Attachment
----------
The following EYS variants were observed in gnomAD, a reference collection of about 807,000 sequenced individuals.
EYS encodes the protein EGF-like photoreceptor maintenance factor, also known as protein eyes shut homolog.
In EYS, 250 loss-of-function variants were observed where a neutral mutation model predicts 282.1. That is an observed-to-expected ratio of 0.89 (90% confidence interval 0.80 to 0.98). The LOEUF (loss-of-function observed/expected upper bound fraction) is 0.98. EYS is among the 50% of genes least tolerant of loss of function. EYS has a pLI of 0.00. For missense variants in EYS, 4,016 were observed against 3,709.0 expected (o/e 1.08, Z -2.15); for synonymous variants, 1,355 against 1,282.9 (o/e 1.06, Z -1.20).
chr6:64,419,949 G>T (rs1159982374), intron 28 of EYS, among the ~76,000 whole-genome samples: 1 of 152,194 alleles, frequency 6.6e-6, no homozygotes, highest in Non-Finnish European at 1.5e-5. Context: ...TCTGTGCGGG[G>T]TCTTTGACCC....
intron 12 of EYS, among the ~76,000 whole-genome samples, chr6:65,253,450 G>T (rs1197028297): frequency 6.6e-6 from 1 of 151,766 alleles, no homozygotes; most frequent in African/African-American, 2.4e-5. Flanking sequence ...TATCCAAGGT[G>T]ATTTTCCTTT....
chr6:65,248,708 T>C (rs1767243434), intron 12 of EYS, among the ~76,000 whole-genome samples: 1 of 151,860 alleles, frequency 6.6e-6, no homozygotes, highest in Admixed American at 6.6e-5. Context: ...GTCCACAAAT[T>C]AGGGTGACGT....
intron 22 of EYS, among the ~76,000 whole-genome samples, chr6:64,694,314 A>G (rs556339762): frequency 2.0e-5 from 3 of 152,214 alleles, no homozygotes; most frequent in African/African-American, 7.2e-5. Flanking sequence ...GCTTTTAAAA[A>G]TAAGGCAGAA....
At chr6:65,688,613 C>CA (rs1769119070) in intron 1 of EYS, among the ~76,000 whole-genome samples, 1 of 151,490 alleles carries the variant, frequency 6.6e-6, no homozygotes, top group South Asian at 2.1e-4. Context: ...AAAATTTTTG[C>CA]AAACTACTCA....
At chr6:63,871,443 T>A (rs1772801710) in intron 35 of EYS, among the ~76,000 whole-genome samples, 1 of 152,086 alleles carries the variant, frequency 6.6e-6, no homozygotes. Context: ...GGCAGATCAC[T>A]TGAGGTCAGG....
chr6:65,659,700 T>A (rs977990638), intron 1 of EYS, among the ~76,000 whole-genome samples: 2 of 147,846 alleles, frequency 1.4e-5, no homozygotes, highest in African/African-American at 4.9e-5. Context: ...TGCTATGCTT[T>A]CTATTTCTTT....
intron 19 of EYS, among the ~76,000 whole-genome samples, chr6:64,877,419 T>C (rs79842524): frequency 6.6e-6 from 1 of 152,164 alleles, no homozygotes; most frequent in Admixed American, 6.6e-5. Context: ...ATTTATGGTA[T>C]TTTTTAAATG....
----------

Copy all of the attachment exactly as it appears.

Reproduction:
The following EYS variants were observed in gnomAD, a reference collection of about 807,000 sequenced individuals.
EYS encodes the protein EGF-like photoreceptor maintenance factor, also known as protein eyes shut homolog.
In EYS, 250 loss-of-function variants were observed where a neutral mutation model predicts 282.1. That is an observed-to-expected ratio of 0.89 (90% confidence interval 0.80 to 0.98). The LOEUF (loss-of-function observed/expected upper bound fraction) is 0.98. EYS is among the 50% of genes least tolerant of loss of function. EYS has a pLI of 0.00. For missense variants in EYS, 4,016 were observed against 3,709.0 expected (o/e 1.08, Z -2.15); for synonymous variants, 1,355 against 1,282.9 (o/e 1.06, Z -1.20).
chr6:64,419,949 G>T (rs1159982374), intron 28 of EYS, among the ~76,000 whole-genome samples: 1 of 152,194 alleles, frequency 6.6e-6, no homozygotes, highest in Non-Finnish European at 1.5e-5. Context: ...TCTGTGCGGG[G>T]TCTTTGACCC....
intron 12 of EYS, among the ~76,000 whole-genome samples, chr6:65,253,450 G>T (rs1197028297): frequency 6.6e-6 from 1 of 151,766 alleles, no homozygotes; most frequent in African/African-American, 2.4e-5. Flanking sequence ...TATCCAAGGT[G>T]ATTTTCCTTT....
chr6:65,248,708 T>C (rs1767243434), intron 12 of EYS, among the ~76,000 whole-genome samples: 1 of 151,860 alleles, frequency 6.6e-6, no homozygotes, highest in Admixed American at 6.6e-5. Context: ...GTCCACAAAT[T>C]AGGGTGACGT....
intron 22 of EYS, among the ~76,000 whole-genome samples, chr6:64,694,314 A>G (rs556339762): frequency 2.0e-5 from 3 of 152,214 alleles, no homozygotes; most frequent in African/African-American, 7.2e-5. Flanking sequence ...GCTTTTAAAA[A>G]TAAGGCAGAA....
At chr6:65,688,613 C>CA (rs1769119070) in intron 1 of EYS, among the ~76,000 whole-genome samples, 1 of 151,490 alleles carries the variant, frequency 6.6e-6, no homozygotes, top group South Asian at 2.1e-4. Context: ...AAAATTTTTG[C>CA]AAACTACTCA....
At chr6:63,871,443 T>A (rs1772801710) in intron 35 of EYS, among the ~76,000 whole-genome samples, 1 of 152,086 alleles carries the variant, frequency 6.6e-6, no homozygotes. Context: ...GGCAGATCAC[T>A]TGAGGTCAGG....
chr6:65,659,700 T>A (rs977990638), intron 1 of EYS, among the ~76,000 whole-genome samples: 2 of 147,846 alleles, frequency 1.4e-5, no homozygotes, highest in African/African-American at 4.9e-5. Context: ...TGCTATGCTT[T>A]CTATTTCTTT....
intron 19 of EYS, among the ~76,000 whole-genome samples, chr6:64,877,419 T>C (rs79842524): frequency 6.6e-6 from 1 of 152,164 alleles, no homozygotes; most frequent in Admixed American, 6.6e-5. Context: ...ATTTATGGTA[T>C]TTTTTAAATG....